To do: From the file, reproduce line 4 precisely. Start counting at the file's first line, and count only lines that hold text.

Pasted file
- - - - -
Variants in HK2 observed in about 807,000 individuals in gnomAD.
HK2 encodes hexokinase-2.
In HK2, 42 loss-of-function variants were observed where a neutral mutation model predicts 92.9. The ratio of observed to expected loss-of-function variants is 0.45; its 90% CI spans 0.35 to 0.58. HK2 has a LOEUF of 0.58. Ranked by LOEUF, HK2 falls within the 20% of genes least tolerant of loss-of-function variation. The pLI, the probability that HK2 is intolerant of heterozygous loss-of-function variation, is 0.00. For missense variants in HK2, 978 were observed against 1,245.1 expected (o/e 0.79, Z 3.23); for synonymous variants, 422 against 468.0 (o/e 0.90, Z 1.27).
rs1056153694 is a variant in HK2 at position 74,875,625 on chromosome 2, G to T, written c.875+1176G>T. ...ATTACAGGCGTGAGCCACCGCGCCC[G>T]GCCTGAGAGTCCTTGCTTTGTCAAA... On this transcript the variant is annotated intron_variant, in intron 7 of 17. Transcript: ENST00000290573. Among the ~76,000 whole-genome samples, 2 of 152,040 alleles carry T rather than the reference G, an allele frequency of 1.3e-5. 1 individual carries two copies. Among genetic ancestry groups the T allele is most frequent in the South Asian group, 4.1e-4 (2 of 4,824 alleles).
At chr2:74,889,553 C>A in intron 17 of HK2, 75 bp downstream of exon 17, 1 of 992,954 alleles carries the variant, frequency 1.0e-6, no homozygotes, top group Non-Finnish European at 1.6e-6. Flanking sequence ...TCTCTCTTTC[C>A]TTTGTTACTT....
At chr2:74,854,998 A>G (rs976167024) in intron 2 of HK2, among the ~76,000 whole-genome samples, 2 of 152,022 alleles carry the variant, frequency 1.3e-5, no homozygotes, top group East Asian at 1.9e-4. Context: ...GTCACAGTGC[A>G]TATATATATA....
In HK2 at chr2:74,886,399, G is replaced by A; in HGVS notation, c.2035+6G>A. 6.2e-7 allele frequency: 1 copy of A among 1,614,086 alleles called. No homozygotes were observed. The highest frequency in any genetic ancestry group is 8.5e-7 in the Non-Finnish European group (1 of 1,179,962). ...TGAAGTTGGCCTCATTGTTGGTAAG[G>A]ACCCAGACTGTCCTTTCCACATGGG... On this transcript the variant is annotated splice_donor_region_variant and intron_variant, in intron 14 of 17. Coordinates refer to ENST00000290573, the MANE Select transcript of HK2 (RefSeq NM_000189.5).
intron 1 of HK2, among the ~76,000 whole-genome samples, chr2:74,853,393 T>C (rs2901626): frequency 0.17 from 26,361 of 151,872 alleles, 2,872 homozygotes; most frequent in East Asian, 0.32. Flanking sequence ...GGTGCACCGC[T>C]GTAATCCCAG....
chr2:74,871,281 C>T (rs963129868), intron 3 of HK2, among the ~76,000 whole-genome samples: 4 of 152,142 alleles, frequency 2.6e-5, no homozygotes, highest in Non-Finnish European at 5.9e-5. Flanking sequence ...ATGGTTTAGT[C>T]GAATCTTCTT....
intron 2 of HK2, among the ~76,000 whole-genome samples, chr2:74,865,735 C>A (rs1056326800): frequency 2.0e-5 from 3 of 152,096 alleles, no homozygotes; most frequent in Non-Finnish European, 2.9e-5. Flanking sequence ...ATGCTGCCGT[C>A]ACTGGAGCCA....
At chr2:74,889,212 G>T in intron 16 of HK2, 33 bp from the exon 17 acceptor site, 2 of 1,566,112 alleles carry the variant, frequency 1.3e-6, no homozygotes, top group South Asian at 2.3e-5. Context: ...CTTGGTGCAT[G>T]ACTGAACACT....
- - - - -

rs1056153694 is a variant in HK2 at position 74,875,625 on chromosome 2, G to T, written c.875+1176G>T. ...ATTACAGGCGTGAGCCACCGCGCCC[G>T]GCCTGAGAGTCCTTGCTTTGTCAAA... On this transcript the variant is annotated intron_variant, in intron 7 of 17. Transcript: ENST00000290573. Among the ~76,000 whole-genome samples, 2 of 152,040 alleles carry T rather than the reference G, an allele frequency of 1.3e-5. 1 individual carries two copies. Among genetic ancestry groups the T allele is most frequent in the South Asian group, 4.1e-4 (2 of 4,824 alleles).